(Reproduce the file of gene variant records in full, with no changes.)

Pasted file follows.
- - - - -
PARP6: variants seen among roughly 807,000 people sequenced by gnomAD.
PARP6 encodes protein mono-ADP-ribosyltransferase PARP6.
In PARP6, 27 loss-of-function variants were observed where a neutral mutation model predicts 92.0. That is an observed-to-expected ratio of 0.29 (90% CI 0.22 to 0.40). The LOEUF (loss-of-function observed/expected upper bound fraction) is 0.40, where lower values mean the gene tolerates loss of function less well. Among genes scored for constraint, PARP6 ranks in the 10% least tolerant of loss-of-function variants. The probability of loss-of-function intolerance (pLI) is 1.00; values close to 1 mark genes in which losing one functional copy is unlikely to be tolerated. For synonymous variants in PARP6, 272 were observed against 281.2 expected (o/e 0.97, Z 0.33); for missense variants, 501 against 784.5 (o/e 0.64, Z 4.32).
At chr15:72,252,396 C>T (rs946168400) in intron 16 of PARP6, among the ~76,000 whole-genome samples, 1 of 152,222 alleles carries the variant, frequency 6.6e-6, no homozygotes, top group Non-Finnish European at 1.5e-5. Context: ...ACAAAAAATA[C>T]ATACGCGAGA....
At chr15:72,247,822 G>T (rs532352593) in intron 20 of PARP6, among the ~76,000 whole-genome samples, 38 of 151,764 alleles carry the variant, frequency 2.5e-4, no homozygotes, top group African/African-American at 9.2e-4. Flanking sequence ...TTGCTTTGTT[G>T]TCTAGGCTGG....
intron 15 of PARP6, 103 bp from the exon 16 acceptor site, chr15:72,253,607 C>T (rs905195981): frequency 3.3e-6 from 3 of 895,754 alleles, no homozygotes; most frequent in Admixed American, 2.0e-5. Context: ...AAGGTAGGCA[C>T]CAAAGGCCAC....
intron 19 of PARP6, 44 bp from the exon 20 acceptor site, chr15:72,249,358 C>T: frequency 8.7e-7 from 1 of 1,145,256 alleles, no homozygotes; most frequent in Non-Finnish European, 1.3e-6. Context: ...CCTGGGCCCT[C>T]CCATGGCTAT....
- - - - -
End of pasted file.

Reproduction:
PARP6: variants seen among roughly 807,000 people sequenced by gnomAD.
PARP6 encodes protein mono-ADP-ribosyltransferase PARP6.
In PARP6, 27 loss-of-function variants were observed where a neutral mutation model predicts 92.0. That is an observed-to-expected ratio of 0.29 (90% CI 0.22 to 0.40). The LOEUF (loss-of-function observed/expected upper bound fraction) is 0.40, where lower values mean the gene tolerates loss of function less well. Among genes scored for constraint, PARP6 ranks in the 10% least tolerant of loss-of-function variants. The probability of loss-of-function intolerance (pLI) is 1.00; values close to 1 mark genes in which losing one functional copy is unlikely to be tolerated. For synonymous variants in PARP6, 272 were observed against 281.2 expected (o/e 0.97, Z 0.33); for missense variants, 501 against 784.5 (o/e 0.64, Z 4.32).
At chr15:72,252,396 C>T (rs946168400) in intron 16 of PARP6, among the ~76,000 whole-genome samples, 1 of 152,222 alleles carries the variant, frequency 6.6e-6, no homozygotes, top group Non-Finnish European at 1.5e-5. Context: ...ACAAAAAATA[C>T]ATACGCGAGA....
At chr15:72,247,822 G>T (rs532352593) in intron 20 of PARP6, among the ~76,000 whole-genome samples, 38 of 151,764 alleles carry the variant, frequency 2.5e-4, no homozygotes, top group African/African-American at 9.2e-4. Flanking sequence ...TTGCTTTGTT[G>T]TCTAGGCTGG....
intron 15 of PARP6, 103 bp from the exon 16 acceptor site, chr15:72,253,607 C>T (rs905195981): frequency 3.3e-6 from 3 of 895,754 alleles, no homozygotes; most frequent in Admixed American, 2.0e-5. Context: ...AAGGTAGGCA[C>T]CAAAGGCCAC....
intron 19 of PARP6, 44 bp from the exon 20 acceptor site, chr15:72,249,358 C>T: frequency 8.7e-7 from 1 of 1,145,256 alleles, no homozygotes; most frequent in Non-Finnish European, 1.3e-6. Context: ...CCTGGGCCCT[C>T]CCATGGCTAT....